This Happened: Fax Machines


Right now, I’m reading David Foster Wallace’s postmodern opus Infinite Jest. It’s not exactly a light summer read. In fact, if you aren’t a book critic, lit major, or an insufferable white dude who wants to appear brainy and sensitive by stocking his bedside table with books he hasn’t quite finished but has really strong opinions about, you might not be familiar with the title, despite it playing a central role in last year’s Jason Segel/Jesse Eisenberg indie flick The End of the Tour (and I mean, who here didn’t line up to see that movie on opening weekend?). If that’s the case, you’ll find no judgement here.

This will be my third attempt at finishing it. Right now, after three months of lugging it around in my backpack (I had to start wearing a backpack to carry it around), I’m not yet halfway done. The book is long: 1,000+ pages, including about 200 pages of endnotes. It’s also Important. Although, while reading it, I get the sense that DFW didn’t intend it as such, which surprised me. It’s dense, but conversational, like a hastily tossed-off email from a friend who happens to be a super-genius.

I mention that I’m reading Infinite Jest for two reasons. The first is because I’m secretly that insufferable dude mentioned above who likes to read the right books so that people will know how smart I am (Why yes, I did name my dog after George Saunders [1]). But, the real reason is that Infinite Jest, which was written in the mid-‘90s, takes place in an indeterminate future time. (Indeterminate because in this world corporations buy the naming rights to years (ex. Year of the Depends Adult Undergarment)). Stories written in the past but set in the future are always interesting, if to only see what technologies the writers assumed would persist and/or exist.

In spirit, Wallace gets a lot of things right. The book explores a world where people are debilitated by their pursuit of entertainment — something that anyone with a smartphone understands. [2] But, he gets a lot of the technological specifics wrong. For instance, in his future we’re all still very interested in CD-ROMs. Remember CD-ROMs?

If one were to create a master list of all the products and services that the Internet effectively killed, CD-ROMs would be near the top, along with travel agents, video stores, privacy and nuance. Oh, and fax machines.

Every now and then a business will insist on having something faxed to them. By now, it’s nearly an impossible request. Sure, our printer probably has a fax function, but it can also scan and send documents digitally. Asking for a fax is like asking someone to call you, but only from a rotary phone. I’m sure somewhere there’s an entrepreneur who is crafting an artisanal fax machine, clinging to the misguided hope that all old technology will become relevant again, because of a false definition of what it means to be authentic. This happened with vinyl. And it’s happening with cassette tapes, too. [3]

Our culture is equally obsessed with disruption and nostalgia. We want every new business and product to destroy the status quo, but we have reservations about the future we’re always clamouring for. In this space, we hold up the new in one hand and the old in the other. But, we don’t often spend much time on the products that bridged the two. The stop-gap innovations that didn’t, couldn’t last. Like minidisc players or George Lazenby. Or fax machines.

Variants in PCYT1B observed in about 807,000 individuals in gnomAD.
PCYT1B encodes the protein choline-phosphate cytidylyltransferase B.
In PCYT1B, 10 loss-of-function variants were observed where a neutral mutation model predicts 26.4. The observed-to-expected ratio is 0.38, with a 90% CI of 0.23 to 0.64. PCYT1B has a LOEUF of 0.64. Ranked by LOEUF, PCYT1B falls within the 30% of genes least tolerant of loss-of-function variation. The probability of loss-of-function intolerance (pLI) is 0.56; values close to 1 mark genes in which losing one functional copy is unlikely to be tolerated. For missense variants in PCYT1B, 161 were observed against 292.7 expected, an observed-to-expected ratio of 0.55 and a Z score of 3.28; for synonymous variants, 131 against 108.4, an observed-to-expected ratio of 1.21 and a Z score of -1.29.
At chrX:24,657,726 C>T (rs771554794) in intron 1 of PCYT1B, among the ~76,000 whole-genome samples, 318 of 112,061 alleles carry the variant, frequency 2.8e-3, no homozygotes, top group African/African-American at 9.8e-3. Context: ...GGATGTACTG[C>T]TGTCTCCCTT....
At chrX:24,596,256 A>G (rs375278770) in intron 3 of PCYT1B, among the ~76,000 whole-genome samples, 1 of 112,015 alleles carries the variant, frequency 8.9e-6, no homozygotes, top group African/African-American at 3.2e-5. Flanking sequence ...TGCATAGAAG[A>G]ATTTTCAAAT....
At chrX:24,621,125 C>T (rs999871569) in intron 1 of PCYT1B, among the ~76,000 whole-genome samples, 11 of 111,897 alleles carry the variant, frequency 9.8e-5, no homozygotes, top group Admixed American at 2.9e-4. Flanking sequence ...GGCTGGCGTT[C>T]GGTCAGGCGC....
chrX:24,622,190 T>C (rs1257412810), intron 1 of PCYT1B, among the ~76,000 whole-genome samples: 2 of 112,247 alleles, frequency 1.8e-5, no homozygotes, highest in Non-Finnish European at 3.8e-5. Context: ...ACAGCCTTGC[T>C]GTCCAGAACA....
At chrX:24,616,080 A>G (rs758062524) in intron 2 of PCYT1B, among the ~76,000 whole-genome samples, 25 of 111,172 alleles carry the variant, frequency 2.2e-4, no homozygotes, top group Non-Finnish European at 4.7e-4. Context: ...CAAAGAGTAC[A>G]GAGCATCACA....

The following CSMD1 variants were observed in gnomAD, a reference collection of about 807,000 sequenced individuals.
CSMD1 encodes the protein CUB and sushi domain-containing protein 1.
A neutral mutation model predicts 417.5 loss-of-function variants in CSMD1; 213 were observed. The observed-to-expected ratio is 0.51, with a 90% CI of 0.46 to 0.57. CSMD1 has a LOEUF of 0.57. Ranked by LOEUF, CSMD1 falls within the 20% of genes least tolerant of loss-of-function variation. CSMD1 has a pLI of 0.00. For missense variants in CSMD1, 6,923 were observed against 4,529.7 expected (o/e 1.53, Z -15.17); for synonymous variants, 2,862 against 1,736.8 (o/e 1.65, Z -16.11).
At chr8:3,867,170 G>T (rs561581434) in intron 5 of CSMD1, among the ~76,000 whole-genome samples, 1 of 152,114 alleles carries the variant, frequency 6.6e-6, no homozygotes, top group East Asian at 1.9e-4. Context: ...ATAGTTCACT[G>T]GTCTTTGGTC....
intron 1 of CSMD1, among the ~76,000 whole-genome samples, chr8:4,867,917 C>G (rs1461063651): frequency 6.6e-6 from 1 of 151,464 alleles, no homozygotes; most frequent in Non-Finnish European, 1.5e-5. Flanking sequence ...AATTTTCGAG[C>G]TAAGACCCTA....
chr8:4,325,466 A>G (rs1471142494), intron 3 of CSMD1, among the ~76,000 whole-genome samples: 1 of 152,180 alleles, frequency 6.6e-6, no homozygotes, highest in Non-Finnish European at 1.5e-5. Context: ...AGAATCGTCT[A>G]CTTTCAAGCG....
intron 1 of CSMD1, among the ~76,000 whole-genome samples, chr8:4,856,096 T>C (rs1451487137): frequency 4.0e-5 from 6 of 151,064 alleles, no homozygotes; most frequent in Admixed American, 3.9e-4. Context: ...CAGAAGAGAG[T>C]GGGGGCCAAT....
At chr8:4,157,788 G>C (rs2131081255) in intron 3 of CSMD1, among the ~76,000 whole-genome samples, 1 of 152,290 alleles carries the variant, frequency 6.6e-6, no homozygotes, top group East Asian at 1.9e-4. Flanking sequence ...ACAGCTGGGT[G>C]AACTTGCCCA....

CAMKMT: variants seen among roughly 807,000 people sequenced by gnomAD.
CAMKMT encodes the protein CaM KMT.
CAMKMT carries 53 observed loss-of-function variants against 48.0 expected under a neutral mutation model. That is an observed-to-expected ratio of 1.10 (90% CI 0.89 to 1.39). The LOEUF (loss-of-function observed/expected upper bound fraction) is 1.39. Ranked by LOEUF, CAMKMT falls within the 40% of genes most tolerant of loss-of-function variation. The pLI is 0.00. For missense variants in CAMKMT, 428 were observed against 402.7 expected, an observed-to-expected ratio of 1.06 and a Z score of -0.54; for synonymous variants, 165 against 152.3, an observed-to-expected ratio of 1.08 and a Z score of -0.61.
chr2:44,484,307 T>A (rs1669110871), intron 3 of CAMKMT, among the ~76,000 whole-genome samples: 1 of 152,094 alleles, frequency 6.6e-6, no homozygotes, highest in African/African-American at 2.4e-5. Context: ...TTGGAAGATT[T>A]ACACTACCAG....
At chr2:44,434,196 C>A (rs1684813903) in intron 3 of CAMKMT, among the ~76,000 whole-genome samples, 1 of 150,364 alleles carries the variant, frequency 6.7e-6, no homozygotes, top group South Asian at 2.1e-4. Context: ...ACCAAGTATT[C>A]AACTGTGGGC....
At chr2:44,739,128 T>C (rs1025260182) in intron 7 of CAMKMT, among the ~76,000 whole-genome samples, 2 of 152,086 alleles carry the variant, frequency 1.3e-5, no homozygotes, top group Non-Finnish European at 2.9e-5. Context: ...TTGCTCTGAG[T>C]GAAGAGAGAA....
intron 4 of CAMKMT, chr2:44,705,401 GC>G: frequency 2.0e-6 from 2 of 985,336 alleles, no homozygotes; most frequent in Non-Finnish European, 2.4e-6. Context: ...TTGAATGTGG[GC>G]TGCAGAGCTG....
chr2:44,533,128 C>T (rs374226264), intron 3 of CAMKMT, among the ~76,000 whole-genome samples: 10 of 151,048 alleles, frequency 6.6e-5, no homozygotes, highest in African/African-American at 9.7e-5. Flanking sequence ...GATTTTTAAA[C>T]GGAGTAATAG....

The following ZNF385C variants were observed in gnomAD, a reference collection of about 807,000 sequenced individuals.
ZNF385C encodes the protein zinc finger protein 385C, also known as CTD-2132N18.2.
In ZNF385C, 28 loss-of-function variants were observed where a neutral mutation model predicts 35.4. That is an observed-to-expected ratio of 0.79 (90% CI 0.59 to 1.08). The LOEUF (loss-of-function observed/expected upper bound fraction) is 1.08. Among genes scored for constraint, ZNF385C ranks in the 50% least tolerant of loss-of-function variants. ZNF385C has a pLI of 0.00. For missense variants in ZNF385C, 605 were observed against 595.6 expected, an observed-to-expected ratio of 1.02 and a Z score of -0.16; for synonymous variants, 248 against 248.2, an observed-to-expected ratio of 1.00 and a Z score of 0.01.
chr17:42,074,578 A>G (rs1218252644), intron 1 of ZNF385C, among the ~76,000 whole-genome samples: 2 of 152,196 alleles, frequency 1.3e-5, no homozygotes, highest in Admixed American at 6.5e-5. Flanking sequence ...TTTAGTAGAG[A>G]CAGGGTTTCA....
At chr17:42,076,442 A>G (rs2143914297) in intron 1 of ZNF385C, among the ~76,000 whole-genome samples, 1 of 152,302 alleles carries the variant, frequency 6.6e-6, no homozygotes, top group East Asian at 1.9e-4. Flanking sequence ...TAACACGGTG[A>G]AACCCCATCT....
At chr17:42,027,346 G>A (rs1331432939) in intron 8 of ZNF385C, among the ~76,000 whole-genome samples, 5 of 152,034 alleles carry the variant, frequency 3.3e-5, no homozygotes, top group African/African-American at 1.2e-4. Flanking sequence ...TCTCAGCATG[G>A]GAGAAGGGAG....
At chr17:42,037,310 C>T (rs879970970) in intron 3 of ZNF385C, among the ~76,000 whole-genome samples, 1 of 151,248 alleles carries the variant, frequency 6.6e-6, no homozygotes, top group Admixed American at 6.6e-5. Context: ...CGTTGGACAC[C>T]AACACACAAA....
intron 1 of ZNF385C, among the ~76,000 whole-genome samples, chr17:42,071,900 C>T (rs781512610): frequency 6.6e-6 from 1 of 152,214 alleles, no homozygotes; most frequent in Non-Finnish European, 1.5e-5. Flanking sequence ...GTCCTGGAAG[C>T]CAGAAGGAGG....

They had the immediacy of email, along with the ear-splitting screech of dial-up Internet. The convenience of a printer, with (at least at the beginning) paper that felt as smooth as nails on a chalkboard. Even though they weren’t long for this world, visions of the future — the ones crafted in the ‘80s and ‘90s, at least — always included them. We thought we had reached the pinnacle of innovation.

But so what? Hipster luddites aside, there isn’t a risk of fax machines making a comeback. So why remember them at all? Because even in our pursuit of constant disruption, which implies restlessness towards the status quo, it’s important to remember that nothing is constant. Not how we communicate, receive information, or even how we’re entertained. [4] What we value now, personally or culturally, might as well be fax machines. And the sooner we accept that, the sooner we can open our minds to experiencing new, more awesome things, and ironically, truly enjoy the inevitable impermanence of what we have now. Like reading a book. Even a big, long Important book.

Did I mention I’m reading Infinite Jest?

[1] Who, interesting fact, was a good friend of David Foster Wallace. The author, not my dog. Although, so long as he wasn’t on a skateboard, I’m sure my dog would’ve been a fan of DFW. Sadly, we’ll never know. Wallace died in 2008.

[2] Full disclosure: I know that this is a theme not from reading Infinite Jest so much as reading about it. By pg. 370 that theme has been merely hinted at.

[3] And, not for nothing, cell phones. See our latest issue for more on dumb phones!

[4] I should mention here, as I did in the latest issue of Sharp, Chuck Klosterman’s new book But What if We’re Wrong?, which is kind of about this whole idea — though I don’t think he discusses fax machines.


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